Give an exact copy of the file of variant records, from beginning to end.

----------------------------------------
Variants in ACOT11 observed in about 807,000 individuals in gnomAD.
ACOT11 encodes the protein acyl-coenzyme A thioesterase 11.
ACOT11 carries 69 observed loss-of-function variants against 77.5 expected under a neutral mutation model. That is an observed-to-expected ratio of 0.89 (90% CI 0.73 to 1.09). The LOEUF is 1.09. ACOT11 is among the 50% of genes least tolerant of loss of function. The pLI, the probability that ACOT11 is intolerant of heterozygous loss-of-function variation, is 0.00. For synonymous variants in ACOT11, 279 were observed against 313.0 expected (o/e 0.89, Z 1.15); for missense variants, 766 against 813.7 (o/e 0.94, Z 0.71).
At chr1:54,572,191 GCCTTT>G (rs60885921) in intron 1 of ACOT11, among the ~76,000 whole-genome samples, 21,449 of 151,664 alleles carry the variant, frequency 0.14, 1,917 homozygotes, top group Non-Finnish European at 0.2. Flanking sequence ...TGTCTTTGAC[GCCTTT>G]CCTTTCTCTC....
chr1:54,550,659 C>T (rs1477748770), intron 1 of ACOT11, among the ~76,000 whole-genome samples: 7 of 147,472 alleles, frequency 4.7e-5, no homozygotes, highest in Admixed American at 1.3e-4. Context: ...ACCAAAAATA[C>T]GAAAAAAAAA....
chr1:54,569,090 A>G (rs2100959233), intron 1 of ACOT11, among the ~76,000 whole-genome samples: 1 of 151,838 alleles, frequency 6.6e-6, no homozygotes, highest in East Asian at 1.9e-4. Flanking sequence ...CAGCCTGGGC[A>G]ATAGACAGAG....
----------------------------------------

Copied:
Variants in ACOT11 observed in about 807,000 individuals in gnomAD.
ACOT11 encodes the protein acyl-coenzyme A thioesterase 11.
ACOT11 carries 69 observed loss-of-function variants against 77.5 expected under a neutral mutation model. That is an observed-to-expected ratio of 0.89 (90% CI 0.73 to 1.09). The LOEUF is 1.09. ACOT11 is among the 50% of genes least tolerant of loss of function. The pLI, the probability that ACOT11 is intolerant of heterozygous loss-of-function variation, is 0.00. For synonymous variants in ACOT11, 279 were observed against 313.0 expected (o/e 0.89, Z 1.15); for missense variants, 766 against 813.7 (o/e 0.94, Z 0.71).
At chr1:54,572,191 GCCTTT>G (rs60885921) in intron 1 of ACOT11, among the ~76,000 whole-genome samples, 21,449 of 151,664 alleles carry the variant, frequency 0.14, 1,917 homozygotes, top group Non-Finnish European at 0.2. Flanking sequence ...TGTCTTTGAC[GCCTTT>G]CCTTTCTCTC....
chr1:54,550,659 C>T (rs1477748770), intron 1 of ACOT11, among the ~76,000 whole-genome samples: 7 of 147,472 alleles, frequency 4.7e-5, no homozygotes, highest in Admixed American at 1.3e-4. Context: ...ACCAAAAATA[C>T]GAAAAAAAAA....
chr1:54,569,090 A>G (rs2100959233), intron 1 of ACOT11, among the ~76,000 whole-genome samples: 1 of 151,838 alleles, frequency 6.6e-6, no homozygotes, highest in East Asian at 1.9e-4. Flanking sequence ...CAGCCTGGGC[A>G]ATAGACAGAG....